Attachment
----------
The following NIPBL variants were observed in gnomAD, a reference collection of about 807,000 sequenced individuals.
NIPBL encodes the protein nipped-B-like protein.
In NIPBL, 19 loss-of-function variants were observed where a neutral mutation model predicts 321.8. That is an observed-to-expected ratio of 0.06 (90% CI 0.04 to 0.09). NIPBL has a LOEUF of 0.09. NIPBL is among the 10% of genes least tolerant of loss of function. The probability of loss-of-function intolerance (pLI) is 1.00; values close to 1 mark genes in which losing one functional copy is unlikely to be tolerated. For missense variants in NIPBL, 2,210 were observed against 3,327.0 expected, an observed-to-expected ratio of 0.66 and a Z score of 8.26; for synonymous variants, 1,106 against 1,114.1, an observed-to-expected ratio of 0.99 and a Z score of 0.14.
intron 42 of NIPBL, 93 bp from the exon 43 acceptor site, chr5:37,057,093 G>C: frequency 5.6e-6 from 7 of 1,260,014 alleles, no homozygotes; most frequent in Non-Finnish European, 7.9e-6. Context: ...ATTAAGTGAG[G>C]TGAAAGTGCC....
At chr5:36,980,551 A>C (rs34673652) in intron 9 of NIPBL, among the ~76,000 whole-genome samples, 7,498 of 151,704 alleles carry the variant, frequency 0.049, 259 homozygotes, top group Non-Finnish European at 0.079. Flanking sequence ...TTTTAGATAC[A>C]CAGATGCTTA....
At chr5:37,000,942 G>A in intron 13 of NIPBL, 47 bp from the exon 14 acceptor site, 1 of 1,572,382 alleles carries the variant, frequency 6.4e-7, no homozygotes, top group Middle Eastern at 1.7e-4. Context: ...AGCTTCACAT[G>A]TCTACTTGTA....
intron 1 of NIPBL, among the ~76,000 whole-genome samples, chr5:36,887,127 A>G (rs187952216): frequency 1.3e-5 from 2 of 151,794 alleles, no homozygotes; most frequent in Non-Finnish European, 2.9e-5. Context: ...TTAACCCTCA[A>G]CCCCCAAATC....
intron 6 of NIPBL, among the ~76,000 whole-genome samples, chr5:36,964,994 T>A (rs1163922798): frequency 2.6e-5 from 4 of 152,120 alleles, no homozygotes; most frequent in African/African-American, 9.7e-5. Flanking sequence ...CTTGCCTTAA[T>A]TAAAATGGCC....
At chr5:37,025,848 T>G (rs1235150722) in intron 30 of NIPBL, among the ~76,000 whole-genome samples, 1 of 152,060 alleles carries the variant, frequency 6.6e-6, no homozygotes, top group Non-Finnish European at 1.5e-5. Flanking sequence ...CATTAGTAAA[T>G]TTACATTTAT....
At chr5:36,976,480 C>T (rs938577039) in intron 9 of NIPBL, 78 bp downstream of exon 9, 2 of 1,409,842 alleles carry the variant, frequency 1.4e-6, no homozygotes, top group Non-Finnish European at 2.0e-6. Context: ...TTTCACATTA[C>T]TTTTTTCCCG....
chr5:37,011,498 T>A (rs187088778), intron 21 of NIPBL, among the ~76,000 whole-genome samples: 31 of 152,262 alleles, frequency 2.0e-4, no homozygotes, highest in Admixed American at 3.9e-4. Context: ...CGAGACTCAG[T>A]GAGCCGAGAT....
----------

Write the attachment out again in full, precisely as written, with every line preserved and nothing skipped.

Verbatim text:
The following NIPBL variants were observed in gnomAD, a reference collection of about 807,000 sequenced individuals.
NIPBL encodes the protein nipped-B-like protein.
In NIPBL, 19 loss-of-function variants were observed where a neutral mutation model predicts 321.8. That is an observed-to-expected ratio of 0.06 (90% CI 0.04 to 0.09). NIPBL has a LOEUF of 0.09. NIPBL is among the 10% of genes least tolerant of loss of function. The probability of loss-of-function intolerance (pLI) is 1.00; values close to 1 mark genes in which losing one functional copy is unlikely to be tolerated. For missense variants in NIPBL, 2,210 were observed against 3,327.0 expected, an observed-to-expected ratio of 0.66 and a Z score of 8.26; for synonymous variants, 1,106 against 1,114.1, an observed-to-expected ratio of 0.99 and a Z score of 0.14.
intron 42 of NIPBL, 93 bp from the exon 43 acceptor site, chr5:37,057,093 G>C: frequency 5.6e-6 from 7 of 1,260,014 alleles, no homozygotes; most frequent in Non-Finnish European, 7.9e-6. Context: ...ATTAAGTGAG[G>C]TGAAAGTGCC....
At chr5:36,980,551 A>C (rs34673652) in intron 9 of NIPBL, among the ~76,000 whole-genome samples, 7,498 of 151,704 alleles carry the variant, frequency 0.049, 259 homozygotes, top group Non-Finnish European at 0.079. Flanking sequence ...TTTTAGATAC[A>C]CAGATGCTTA....
At chr5:37,000,942 G>A in intron 13 of NIPBL, 47 bp from the exon 14 acceptor site, 1 of 1,572,382 alleles carries the variant, frequency 6.4e-7, no homozygotes, top group Middle Eastern at 1.7e-4. Context: ...AGCTTCACAT[G>A]TCTACTTGTA....
intron 1 of NIPBL, among the ~76,000 whole-genome samples, chr5:36,887,127 A>G (rs187952216): frequency 1.3e-5 from 2 of 151,794 alleles, no homozygotes; most frequent in Non-Finnish European, 2.9e-5. Context: ...TTAACCCTCA[A>G]CCCCCAAATC....
intron 6 of NIPBL, among the ~76,000 whole-genome samples, chr5:36,964,994 T>A (rs1163922798): frequency 2.6e-5 from 4 of 152,120 alleles, no homozygotes; most frequent in African/African-American, 9.7e-5. Flanking sequence ...CTTGCCTTAA[T>A]TAAAATGGCC....
At chr5:37,025,848 T>G (rs1235150722) in intron 30 of NIPBL, among the ~76,000 whole-genome samples, 1 of 152,060 alleles carries the variant, frequency 6.6e-6, no homozygotes, top group Non-Finnish European at 1.5e-5. Flanking sequence ...CATTAGTAAA[T>G]TTACATTTAT....
At chr5:36,976,480 C>T (rs938577039) in intron 9 of NIPBL, 78 bp downstream of exon 9, 2 of 1,409,842 alleles carry the variant, frequency 1.4e-6, no homozygotes, top group Non-Finnish European at 2.0e-6. Context: ...TTTCACATTA[C>T]TTTTTTCCCG....
chr5:37,011,498 T>A (rs187088778), intron 21 of NIPBL, among the ~76,000 whole-genome samples: 31 of 152,262 alleles, frequency 2.0e-4, no homozygotes, highest in Admixed American at 3.9e-4. Context: ...CGAGACTCAG[T>A]GAGCCGAGAT....